This morning, SCHR sent a follow-up letter to the Georgia Department of Corrections (GDC) and the Georgia Board of Pardons and Parole (GBPP). The first letter — sent on March 13th — asked the GDC and the GBPP to implement a number of measures to reduce virus transmission and potential loss of life, including, but not limited to the following:
- Comply with CDC, Georgia Department of Public Health, and NCCHC Guidelines;
- Eliminate co-pays; ensure access to soap, tissue, cleaning/sanitizing products, and clean laundry:
- Ensure transparency in communications with family members and the public;
- Implement medical quarantine where appropriate; implement an emergency staffing plan;
- Create a list of people to prioritize for possible release; review, on an expedited basis, the cases of elderly and infirm prisoners, in order to identify who among them could be released, consistent with public safety.
When the initial letter was sent, there were no confirmed cases of COVID-19 in any Georgia prisons, jails, or transitional centers. Statewide, there were 42 confirmed cases. As of the evening of Sunday, March 29, the state of Georgia has over 2,600 confirmed cases (multiple within its prisons and jails) and at least 83 deaths — including an incarcerated person at Lee State Prison.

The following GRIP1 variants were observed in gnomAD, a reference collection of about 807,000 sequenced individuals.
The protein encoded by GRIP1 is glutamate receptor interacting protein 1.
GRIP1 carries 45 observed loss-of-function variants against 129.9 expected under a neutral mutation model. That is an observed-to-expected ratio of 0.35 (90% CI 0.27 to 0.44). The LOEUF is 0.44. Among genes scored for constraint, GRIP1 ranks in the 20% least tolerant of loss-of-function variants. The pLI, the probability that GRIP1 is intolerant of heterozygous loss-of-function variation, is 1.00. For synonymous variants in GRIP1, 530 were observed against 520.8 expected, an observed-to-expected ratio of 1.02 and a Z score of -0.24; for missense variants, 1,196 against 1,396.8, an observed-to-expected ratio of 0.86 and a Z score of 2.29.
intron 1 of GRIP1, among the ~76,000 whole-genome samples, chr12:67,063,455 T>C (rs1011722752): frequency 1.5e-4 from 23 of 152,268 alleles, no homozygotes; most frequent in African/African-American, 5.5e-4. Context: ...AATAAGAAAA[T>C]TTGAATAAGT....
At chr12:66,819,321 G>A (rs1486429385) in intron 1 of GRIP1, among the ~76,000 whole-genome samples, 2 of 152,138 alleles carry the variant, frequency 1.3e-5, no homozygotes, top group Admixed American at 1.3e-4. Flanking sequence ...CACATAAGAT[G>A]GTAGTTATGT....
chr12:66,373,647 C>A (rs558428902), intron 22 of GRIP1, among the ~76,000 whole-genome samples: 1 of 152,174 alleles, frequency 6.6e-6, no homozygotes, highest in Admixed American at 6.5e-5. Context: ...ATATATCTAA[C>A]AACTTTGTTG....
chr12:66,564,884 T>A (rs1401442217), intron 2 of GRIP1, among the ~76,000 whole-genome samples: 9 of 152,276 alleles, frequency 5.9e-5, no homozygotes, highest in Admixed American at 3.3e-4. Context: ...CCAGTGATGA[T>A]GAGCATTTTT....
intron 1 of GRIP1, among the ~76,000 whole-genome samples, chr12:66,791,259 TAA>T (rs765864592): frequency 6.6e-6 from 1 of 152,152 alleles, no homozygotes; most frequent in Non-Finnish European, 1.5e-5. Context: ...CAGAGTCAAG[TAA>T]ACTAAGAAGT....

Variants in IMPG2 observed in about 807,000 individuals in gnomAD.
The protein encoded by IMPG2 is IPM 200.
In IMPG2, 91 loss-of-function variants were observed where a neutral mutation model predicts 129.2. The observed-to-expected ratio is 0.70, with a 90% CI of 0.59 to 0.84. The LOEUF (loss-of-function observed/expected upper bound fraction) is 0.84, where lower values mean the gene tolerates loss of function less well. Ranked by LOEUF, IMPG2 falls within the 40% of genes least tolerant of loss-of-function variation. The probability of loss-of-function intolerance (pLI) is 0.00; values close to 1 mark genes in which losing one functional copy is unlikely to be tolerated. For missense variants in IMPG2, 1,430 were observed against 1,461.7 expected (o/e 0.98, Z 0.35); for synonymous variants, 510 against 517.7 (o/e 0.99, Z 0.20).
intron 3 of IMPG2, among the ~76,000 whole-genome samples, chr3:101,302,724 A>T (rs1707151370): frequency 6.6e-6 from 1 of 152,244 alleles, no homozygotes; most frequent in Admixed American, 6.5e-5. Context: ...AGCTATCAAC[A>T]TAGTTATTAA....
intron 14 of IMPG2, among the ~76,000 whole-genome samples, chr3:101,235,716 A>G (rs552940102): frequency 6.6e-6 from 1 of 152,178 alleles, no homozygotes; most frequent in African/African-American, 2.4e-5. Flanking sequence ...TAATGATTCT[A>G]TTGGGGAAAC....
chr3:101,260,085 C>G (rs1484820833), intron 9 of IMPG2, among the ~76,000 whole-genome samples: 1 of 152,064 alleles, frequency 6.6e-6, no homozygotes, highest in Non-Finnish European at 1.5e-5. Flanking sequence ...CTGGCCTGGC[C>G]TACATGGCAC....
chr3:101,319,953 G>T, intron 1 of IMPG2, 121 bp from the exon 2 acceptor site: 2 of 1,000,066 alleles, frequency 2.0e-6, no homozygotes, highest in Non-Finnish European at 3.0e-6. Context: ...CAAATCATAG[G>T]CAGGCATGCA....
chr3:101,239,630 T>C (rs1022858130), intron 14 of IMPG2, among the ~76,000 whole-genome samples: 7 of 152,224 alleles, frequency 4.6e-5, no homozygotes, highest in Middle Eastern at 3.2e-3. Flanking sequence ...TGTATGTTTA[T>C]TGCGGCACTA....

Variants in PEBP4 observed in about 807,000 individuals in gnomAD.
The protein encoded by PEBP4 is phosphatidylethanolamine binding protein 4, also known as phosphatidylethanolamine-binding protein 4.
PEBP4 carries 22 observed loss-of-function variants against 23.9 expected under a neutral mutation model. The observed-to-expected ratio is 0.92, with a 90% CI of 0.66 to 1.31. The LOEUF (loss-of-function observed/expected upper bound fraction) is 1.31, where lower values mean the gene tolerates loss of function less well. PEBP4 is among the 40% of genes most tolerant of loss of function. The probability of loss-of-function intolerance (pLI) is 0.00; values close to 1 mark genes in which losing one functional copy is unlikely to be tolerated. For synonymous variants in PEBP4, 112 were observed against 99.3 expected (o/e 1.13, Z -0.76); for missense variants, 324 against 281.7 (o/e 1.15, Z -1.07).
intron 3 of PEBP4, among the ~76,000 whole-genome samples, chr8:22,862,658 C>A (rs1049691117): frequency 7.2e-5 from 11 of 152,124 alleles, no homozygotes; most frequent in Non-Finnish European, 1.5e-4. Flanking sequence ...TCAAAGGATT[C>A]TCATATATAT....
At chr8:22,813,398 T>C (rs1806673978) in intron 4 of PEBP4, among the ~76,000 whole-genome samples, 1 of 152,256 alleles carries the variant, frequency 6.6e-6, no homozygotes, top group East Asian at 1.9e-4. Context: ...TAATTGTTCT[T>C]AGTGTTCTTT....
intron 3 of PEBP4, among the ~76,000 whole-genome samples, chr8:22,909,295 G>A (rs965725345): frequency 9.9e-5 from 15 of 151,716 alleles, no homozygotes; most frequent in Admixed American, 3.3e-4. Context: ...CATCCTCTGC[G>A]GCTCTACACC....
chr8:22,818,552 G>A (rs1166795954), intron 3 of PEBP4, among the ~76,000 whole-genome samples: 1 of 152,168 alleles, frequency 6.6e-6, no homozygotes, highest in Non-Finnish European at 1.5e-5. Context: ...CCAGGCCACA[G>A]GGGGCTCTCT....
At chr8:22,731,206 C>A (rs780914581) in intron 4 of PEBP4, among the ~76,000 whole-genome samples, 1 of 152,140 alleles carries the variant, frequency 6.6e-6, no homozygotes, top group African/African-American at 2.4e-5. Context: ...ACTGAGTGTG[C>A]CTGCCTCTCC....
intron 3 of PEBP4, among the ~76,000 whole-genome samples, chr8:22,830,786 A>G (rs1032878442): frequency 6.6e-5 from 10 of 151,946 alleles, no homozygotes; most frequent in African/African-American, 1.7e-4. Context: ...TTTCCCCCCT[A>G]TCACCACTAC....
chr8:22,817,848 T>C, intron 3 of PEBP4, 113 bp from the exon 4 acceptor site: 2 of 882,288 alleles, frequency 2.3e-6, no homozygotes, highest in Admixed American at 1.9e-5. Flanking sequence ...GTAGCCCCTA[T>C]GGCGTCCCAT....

SCHR is also worried about people living in Transitional Centers. As of March 1, 2020, there are 2,280 people in Transitional Centers (TCs), and at least 91 are over the age of 60. These people are at a higher risk of exposure to COVID-19 because of the work release requirement, which requires them to work in communities outside of the transitional centers. Worse, the risk of transmission of COVID-19 in TCs is higher than in other GDC facilities because many participants are returning from potentially infected communities to live with hundreds of others who could have been exposed to the virus in closely confined spaces. Moreover, people in these programs must use public transportation in order to get to work, and work in closely confined spaces such as poultry plants and warehouses.
SCHR is urging the Parole Board to consider the immediate release of people held at the fifteen TCs in a manner consistent with the health and safety of Georgia communities. People over the age of 60, those with underlying health conditions, and those who have completed most of the program requirements should be considered for immediate release, and the Parole Board should provide a release date.
Read the letter above, or here.